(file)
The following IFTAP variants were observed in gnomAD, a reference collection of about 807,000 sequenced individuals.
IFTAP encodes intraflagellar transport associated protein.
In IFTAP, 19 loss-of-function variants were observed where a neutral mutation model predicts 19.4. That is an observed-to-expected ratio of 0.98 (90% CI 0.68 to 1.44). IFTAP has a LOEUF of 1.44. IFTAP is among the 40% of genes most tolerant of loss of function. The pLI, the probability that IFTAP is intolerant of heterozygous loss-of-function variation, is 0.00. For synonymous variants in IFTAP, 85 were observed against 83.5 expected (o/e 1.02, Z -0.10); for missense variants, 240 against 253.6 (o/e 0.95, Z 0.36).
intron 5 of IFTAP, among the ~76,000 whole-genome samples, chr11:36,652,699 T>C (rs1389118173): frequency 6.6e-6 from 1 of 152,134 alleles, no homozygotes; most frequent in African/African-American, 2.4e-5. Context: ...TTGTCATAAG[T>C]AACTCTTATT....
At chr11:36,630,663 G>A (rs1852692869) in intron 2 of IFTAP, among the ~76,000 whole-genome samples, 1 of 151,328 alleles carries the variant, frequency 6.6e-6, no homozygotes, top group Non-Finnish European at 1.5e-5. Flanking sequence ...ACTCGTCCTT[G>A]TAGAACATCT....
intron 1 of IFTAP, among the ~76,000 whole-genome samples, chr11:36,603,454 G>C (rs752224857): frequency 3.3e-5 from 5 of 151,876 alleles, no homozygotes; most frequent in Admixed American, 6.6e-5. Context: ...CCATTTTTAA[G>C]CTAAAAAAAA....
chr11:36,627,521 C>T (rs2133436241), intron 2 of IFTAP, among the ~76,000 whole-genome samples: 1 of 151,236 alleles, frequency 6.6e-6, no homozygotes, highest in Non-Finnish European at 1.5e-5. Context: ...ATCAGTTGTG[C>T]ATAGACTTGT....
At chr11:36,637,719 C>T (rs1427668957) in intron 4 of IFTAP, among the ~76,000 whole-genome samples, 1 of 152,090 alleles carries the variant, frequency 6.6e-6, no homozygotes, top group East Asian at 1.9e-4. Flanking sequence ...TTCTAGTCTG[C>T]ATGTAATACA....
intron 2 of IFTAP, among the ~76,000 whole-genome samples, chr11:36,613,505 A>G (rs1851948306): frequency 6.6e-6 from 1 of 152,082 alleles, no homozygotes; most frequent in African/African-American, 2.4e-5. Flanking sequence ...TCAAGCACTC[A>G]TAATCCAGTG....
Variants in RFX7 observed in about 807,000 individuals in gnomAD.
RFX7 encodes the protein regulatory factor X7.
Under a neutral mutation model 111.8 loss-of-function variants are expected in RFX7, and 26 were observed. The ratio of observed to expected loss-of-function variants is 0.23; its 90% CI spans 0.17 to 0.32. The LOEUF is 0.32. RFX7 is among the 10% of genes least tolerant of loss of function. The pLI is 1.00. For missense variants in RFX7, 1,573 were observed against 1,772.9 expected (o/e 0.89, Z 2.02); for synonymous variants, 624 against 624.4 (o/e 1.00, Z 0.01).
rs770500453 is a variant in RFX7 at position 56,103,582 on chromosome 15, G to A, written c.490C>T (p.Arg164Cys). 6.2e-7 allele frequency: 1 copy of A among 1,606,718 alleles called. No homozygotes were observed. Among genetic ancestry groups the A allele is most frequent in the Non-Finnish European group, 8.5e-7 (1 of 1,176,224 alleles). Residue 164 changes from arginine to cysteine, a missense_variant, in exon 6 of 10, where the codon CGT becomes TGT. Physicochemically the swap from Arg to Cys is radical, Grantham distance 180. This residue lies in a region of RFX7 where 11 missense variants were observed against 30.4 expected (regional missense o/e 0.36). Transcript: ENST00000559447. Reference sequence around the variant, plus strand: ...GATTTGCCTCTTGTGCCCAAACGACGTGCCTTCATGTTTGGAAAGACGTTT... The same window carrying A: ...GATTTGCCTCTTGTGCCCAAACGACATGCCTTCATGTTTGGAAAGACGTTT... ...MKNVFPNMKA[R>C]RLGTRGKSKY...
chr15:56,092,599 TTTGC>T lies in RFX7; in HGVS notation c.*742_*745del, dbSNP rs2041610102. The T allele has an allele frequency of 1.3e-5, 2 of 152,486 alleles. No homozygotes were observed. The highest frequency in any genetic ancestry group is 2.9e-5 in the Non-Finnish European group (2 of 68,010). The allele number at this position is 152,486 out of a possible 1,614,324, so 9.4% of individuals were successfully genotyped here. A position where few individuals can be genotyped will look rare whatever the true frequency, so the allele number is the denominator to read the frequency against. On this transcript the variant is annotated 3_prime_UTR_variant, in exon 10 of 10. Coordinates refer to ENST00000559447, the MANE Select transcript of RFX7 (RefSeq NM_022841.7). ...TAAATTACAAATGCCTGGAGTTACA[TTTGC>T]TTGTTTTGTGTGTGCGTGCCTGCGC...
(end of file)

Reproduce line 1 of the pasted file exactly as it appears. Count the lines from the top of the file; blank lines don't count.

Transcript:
The following IFTAP variants were observed in gnomAD, a reference collection of about 807,000 sequenced individuals.